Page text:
Workplace Wise - Iowa Employment Law Attorneys

Friday, January 8, 2016

NLRB Overrules Bright-Line Rule Exempting the Production of Confidential Witness Statements

By BrownWinick Employment Law Practice Group

Under longstanding National Labor Relations Board (NLRB) precedent, witness statements obtained by an employer during an investigation of employee misconduct have been considered confidential and were not required to be produced to the union that represented an employee in a grievance. In holding that employers were not required to turn over confidential witness statements to union representatives, the Board reasoned that witness statements were fundamentally different from other types of information since their release carried a risk of potential witness intimidation and increased the likelihood witnesses would be reluctant to give statements without assurance from their employer they would be kept confidential See Anheuser-Busch Inc., 237 NLRB 982 (1978).

However, in American Baptist Homes of the West d/b/a Piedmont Gardens, 362 NLRB 139 (June 26, 2015), the NLRB overruled Anheuser-Busch and held that witness statements obtained during an employer investigation  were  no longer exempt from production to union representatives. Instead, the Board indicated that the Detroit Edison v. NLRB, 440 U.S. 301 (1979), balancing test should be used for all future matters involving confidential witness statements. The balancing test adopted by the Board in Piedmont Gardens requires that employers conduct a fact-specific analysis that balances a union’s need for the information against the employer’s legitimate and substantial confidentiality interests. 

Under Piedmont Garden, if an employer seeks to challenge the production of a witness’ statements in connection with an employer investigation then it must raise its confidentiality concerns to the union in a timely manner and offer the union an accommodation. Possible accommodations may include asking the union to enter into a non-disclosure agreement, redacting the witness’ names from statements or producing a list of witness names with a summary of the information obtained without attributing the information to any particular witness. Whether a particular accommodation is appropriate will depend on the facts and circumstances of each case. The proposed accommodation will be subject to good faith negotiation with the union.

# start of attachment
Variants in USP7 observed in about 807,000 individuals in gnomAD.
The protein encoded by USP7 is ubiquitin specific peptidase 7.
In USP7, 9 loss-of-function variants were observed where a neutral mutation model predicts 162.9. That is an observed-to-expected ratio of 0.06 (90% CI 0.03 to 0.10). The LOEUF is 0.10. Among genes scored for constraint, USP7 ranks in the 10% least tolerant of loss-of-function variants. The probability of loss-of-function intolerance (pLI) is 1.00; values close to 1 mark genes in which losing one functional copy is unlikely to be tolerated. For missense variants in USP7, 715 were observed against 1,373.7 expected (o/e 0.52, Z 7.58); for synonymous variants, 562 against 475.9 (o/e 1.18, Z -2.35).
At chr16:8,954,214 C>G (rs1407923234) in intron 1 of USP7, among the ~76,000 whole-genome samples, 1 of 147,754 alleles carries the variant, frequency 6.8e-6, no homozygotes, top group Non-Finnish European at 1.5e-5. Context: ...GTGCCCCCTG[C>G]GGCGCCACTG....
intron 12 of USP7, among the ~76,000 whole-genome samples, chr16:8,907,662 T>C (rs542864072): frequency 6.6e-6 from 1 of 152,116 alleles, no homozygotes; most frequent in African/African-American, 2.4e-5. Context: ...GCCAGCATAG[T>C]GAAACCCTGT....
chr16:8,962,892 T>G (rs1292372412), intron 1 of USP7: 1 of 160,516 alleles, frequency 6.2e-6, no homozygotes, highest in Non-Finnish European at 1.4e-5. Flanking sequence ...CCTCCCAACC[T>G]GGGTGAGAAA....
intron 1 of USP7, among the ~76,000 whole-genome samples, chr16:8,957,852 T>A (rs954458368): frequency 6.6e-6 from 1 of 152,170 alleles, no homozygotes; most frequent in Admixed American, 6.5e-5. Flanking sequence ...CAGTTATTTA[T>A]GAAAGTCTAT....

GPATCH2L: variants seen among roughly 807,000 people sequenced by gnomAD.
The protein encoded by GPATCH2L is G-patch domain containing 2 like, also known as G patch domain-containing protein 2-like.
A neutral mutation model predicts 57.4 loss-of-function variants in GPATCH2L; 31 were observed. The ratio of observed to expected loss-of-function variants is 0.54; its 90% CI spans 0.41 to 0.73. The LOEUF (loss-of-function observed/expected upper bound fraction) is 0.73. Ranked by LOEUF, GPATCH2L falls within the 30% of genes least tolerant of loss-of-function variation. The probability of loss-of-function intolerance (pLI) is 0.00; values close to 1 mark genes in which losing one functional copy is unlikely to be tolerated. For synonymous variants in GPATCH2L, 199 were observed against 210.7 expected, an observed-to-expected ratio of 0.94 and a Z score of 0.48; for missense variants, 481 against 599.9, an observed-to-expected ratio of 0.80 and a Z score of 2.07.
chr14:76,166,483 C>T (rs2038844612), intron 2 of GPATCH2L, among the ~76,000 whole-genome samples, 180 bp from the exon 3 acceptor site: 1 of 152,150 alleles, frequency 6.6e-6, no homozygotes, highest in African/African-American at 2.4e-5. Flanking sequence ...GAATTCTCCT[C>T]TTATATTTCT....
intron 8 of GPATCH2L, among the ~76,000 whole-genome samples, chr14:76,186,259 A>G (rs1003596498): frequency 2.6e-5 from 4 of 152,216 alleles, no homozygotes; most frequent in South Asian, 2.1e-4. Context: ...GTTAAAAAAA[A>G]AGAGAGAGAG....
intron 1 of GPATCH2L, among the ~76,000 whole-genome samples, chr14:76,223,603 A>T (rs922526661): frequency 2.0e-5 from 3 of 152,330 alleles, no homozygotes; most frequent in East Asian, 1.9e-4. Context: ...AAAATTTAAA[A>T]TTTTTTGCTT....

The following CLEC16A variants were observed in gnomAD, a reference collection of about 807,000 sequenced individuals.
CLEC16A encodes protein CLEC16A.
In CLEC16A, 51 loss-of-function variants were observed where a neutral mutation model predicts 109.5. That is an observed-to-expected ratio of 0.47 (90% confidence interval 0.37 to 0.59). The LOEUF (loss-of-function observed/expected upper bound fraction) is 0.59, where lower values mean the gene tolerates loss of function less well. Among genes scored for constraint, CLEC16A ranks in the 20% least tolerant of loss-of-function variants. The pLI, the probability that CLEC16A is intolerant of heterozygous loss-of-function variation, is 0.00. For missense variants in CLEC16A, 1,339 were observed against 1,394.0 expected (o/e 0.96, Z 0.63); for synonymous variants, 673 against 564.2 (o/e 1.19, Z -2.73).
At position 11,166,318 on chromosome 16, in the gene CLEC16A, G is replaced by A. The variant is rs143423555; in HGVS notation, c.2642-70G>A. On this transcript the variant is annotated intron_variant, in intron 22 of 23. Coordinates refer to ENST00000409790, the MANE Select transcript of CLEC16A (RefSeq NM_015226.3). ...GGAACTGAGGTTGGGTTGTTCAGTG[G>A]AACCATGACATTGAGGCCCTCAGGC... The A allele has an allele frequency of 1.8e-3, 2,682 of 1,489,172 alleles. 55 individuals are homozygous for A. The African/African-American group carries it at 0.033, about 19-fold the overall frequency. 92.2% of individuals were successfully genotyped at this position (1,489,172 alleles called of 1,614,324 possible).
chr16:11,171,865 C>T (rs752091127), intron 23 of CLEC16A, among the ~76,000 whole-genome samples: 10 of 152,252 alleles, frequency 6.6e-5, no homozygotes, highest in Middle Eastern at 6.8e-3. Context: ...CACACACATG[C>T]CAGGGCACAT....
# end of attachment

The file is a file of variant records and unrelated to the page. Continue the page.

If the accommodation is rejected and the union files an unfair labor practice complaint, then the employer will need to demonstrate, it has a “legitimate and substantial” confidentiality interest in the statements.  In order to establish it has a “legitimate and substantial” confidentiality interest in the statements, the employer will need show, on a case-by-case basis, that the witness needs protection, evidence is in danger of being destroyed, testimony is in danger of being fabricated or there is a need to prevent a cover-up, and that such interest outweighs the union’s need for the statements. If an employer is able to make this showing, then the employer may lawfully refuse to disclose a witness’ statement.

The Piedmont Gardens decision does not impact the work product doctrine, which may still be raised to object to a union’s request for witness statements where such witness statements were obtained in anticipation of litigation or for trial.

Employers should seek the advice of counsel before withholding witness statements or other potentially relevant information from union representatives on confidentiality grounds.

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